GRC: Let’s Talk About Governance

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 Although risk is the often the most discussed element of GRC (Governance, Risk, Compliance), it is important to understand all aspects. Let's start with Governance.

In my last article, I talked about “What is GRC?” and recommended the Open Compliance and Ethics Group’s (OCEG) definition. The next step is to address its first element – Governance; again, there are multiple definitions.

The Many Ways to Define Governance in GRC

The Organisation for Economic Co-operation and Development (OECD) says Governance involves:

“A set of relationships between a company's management, its board, its shareholders and other stakeholder. Corporate governance also provides the structure through which the objectives of the company are set, and the means of attaining those objectives and monitoring performance are determined.”

The Cadbury Committee (the governance source for UK listed companies) has a simpler definition:

“The system by which companies are directed and controlled. Boards of directors are responsible for the governance of their companies.”

“The shareholders' role in governance is to appoint the directors and the auditors and to satisfy themselves that an appropriate governance structure is in place. The responsibilities of the board include setting the company's strategic aims, providing the leadership to put them into effect, supervising the management of the business, and reporting to the shareholders on their stewardship.”

The Corporate Governance Committee of Japan has this:

“Corporate governance is a scheme for ensuring that the executive managers, who have been placed in charge of the company, fulfill their duties.”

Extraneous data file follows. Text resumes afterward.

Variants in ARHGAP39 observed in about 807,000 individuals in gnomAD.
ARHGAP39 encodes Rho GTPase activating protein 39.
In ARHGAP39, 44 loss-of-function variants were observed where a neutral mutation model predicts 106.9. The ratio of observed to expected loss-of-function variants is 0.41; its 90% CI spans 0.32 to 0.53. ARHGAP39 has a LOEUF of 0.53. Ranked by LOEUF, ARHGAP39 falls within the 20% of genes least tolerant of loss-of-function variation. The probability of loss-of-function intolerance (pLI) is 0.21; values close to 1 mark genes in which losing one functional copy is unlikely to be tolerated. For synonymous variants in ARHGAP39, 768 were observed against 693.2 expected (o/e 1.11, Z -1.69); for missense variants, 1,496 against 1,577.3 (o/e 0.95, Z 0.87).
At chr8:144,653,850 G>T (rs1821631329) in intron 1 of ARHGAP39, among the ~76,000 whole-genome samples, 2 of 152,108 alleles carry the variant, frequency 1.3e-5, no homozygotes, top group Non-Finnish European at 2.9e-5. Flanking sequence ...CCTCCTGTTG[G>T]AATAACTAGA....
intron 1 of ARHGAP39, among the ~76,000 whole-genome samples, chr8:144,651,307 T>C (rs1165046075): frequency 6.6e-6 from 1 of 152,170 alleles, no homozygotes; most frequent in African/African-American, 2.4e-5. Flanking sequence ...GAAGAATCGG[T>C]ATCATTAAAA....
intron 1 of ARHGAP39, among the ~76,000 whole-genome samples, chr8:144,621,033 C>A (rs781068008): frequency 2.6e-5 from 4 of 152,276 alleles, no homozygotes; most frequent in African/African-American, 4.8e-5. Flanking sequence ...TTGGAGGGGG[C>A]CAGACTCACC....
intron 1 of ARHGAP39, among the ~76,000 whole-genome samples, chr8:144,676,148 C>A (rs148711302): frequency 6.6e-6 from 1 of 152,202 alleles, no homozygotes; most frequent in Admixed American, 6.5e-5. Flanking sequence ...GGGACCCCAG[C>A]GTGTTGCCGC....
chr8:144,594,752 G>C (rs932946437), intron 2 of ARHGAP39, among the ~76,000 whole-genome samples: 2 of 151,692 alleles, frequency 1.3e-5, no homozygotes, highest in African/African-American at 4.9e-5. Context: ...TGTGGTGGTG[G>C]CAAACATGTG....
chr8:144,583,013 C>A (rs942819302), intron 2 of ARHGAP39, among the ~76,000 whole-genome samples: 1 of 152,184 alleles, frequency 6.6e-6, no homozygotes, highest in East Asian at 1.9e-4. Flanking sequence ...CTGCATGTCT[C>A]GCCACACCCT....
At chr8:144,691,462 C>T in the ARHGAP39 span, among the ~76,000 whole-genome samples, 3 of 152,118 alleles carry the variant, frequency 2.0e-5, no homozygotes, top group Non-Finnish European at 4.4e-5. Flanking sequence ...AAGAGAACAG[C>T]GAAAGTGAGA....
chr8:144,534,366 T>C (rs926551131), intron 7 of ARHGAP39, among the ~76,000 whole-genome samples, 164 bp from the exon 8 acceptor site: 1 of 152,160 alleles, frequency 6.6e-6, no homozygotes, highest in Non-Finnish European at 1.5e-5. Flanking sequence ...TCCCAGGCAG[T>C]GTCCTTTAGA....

Forrester Research, an analyst firm, defines Governance as:

“The culture, policies, processes, laws, and institutions that define the structure by which companies are directed and managed. Corporate governance includes the relationships among stakeholders and the goals for which the corporation is governed.”

I like the one from the Australian Stock Exchange (ASX):

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“The system by which companies are directed and managed. It influences how the objectives of the company are set and achieved, how risk is monitored and assessed, and how performance is optimized.”

The Institute of Internal Auditors’ (IIA) definition is:

“The combination of processes and structures implemented by the board in order to inform, direct, manage and monitor the activities of the organization toward the achievement of its objectives.”

OCEG says:

“Governance is the culture, values, mission, structure and layers of policies, processes and measures by which organizations are directed and controlled. Governance, in this context, includes but is not limited to the activities of the Board, for governance bodies at various levels of the organization also play a critical role. The tone that is set, followed and communicated at the top is critical to success.”

Differences in Governance Definitions

What do we make of all these?

  1. Some limit Governance to the activities of the Board:
    • Cadbury
    • Japan
    • IIA
  2. Others include management as well as the board (by talking about directing (board) and managing or controlling (management):
    • Forrester Research
    • Australian Stock Exchange
    • OCEG
  3. That leaves OECD, which I find ambiguous and therefore not very useful.
  4. All pretty much talk about:
    • Setting the objectives (strategy) of the company
    • Appointing leadership
    • Ensuring appropriate tone at the top (culture and values)
    • Managing risks (implicit if not stated)
    • Monitoring and optimizing performance

Each of us can determine whether we define Governance as including only board processes or also those of management.

But in the GRC model, it has to include how management ensures the directives of the board are achieved. Personally, I use either the OCEG or ASX definition. You can see my blog on the elements included in Governance here.

About the author

Norman Marks

Norman Marks, CPA, CRMA is an evangelist for “better run business,” focusing on corporate governance, risk management, internal audit, enterprise performance, and the value of information. He is also a mentor to individuals and organizations around the world, the author of World-Class Risk Management and publishes regularly on his own blog.